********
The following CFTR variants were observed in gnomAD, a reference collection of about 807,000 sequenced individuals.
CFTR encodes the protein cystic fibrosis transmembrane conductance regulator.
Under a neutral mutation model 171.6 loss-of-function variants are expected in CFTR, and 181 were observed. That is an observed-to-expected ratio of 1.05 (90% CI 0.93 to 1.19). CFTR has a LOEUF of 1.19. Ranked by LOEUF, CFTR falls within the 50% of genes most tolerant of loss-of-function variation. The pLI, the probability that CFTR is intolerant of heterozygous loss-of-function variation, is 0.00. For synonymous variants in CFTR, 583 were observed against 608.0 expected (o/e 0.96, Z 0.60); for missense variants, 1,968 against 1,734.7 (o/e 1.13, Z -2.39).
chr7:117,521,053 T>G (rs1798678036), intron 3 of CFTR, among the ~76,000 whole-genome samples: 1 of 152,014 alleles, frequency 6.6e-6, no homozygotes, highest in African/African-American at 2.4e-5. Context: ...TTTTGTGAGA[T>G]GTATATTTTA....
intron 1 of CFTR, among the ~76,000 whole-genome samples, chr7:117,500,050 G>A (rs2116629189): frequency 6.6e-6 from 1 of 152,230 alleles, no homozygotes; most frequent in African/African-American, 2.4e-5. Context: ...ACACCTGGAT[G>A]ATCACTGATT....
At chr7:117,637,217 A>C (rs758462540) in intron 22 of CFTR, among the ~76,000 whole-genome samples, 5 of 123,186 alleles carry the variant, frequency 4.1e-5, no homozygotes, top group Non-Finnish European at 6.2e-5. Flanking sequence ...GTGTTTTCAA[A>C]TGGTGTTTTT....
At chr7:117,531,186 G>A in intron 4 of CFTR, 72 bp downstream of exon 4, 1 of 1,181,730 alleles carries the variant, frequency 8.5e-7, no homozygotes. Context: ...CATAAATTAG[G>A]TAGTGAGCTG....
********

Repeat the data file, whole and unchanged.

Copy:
The following CFTR variants were observed in gnomAD, a reference collection of about 807,000 sequenced individuals.
CFTR encodes the protein cystic fibrosis transmembrane conductance regulator.
Under a neutral mutation model 171.6 loss-of-function variants are expected in CFTR, and 181 were observed. That is an observed-to-expected ratio of 1.05 (90% CI 0.93 to 1.19). CFTR has a LOEUF of 1.19. Ranked by LOEUF, CFTR falls within the 50% of genes most tolerant of loss-of-function variation. The pLI, the probability that CFTR is intolerant of heterozygous loss-of-function variation, is 0.00. For synonymous variants in CFTR, 583 were observed against 608.0 expected (o/e 0.96, Z 0.60); for missense variants, 1,968 against 1,734.7 (o/e 1.13, Z -2.39).
chr7:117,521,053 T>G (rs1798678036), intron 3 of CFTR, among the ~76,000 whole-genome samples: 1 of 152,014 alleles, frequency 6.6e-6, no homozygotes, highest in African/African-American at 2.4e-5. Context: ...TTTTGTGAGA[T>G]GTATATTTTA....
intron 1 of CFTR, among the ~76,000 whole-genome samples, chr7:117,500,050 G>A (rs2116629189): frequency 6.6e-6 from 1 of 152,230 alleles, no homozygotes; most frequent in African/African-American, 2.4e-5. Context: ...ACACCTGGAT[G>A]ATCACTGATT....
At chr7:117,637,217 A>C (rs758462540) in intron 22 of CFTR, among the ~76,000 whole-genome samples, 5 of 123,186 alleles carry the variant, frequency 4.1e-5, no homozygotes, top group Non-Finnish European at 6.2e-5. Flanking sequence ...GTGTTTTCAA[A>C]TGGTGTTTTT....
At chr7:117,531,186 G>A in intron 4 of CFTR, 72 bp downstream of exon 4, 1 of 1,181,730 alleles carries the variant, frequency 8.5e-7, no homozygotes. Context: ...CATAAATTAG[G>A]TAGTGAGCTG....